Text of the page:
I have a theory about how B. met his first wife, who I suspect was very young when they married. While they married in King County, I'm almost positive they met in Bellingham, where the rest of B.'s family was living after his mother married his second stepfather. Since B. was a young _man_ at the time, I wasn't entirely certain what he was doing. I _think_ I found his next younger brother in Bellingham High School, using his stepfather's last name. It's possible it was through the high school that B. met his first wife, who would have been between B. and B.'s younger brother in age.
I was about to start searching on B. using the stepfather's last name, on the chance something might turn up, but thought I should first do a general search again on ancestry to see what I might have missed on an earlier search or what might show up that was the result of the continual addition of new records. And lo! B. was working as a deckhand on boats going between Bellingham and Vancouver, BC. One of those records even lists his birthplace (a not-very-populous state), thus eliminating any possible ambiguity. It's one of those instances where an enterprising record keeper wrote in information not called for by the columns. They had mixed up the Race/Nationality columns and drawn an arrow to flip them, and for B., who is listed as "American" for nationality, and "Canadian" for race (but then flip them, per the arrow) has the state name (abbreviated) written overlapping the columns for "Physical Marks" and "Remarks".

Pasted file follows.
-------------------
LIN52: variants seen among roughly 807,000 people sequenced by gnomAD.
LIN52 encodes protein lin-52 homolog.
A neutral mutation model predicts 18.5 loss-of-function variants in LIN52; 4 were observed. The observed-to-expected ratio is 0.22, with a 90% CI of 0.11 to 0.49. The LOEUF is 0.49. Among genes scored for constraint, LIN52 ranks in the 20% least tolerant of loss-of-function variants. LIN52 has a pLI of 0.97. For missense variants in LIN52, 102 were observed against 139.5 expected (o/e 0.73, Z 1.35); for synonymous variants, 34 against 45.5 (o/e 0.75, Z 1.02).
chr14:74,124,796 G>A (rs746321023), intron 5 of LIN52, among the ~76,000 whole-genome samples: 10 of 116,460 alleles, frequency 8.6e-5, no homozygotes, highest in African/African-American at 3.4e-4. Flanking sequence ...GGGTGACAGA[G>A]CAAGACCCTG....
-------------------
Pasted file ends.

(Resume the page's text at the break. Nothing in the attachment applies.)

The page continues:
I _love_ stuff like this.
ETA: I've now got three of these. By the third one, he's getting hired in Seattle, the "Canadian" part of his identity is entirely gone, replaced by "Dutch" for race and "U.S." for nationality. He's still the young guy on the boat and he's gained ten pounds and an inch in height. Oh, and he's a "Seamen" instead of Deck of D.Hand.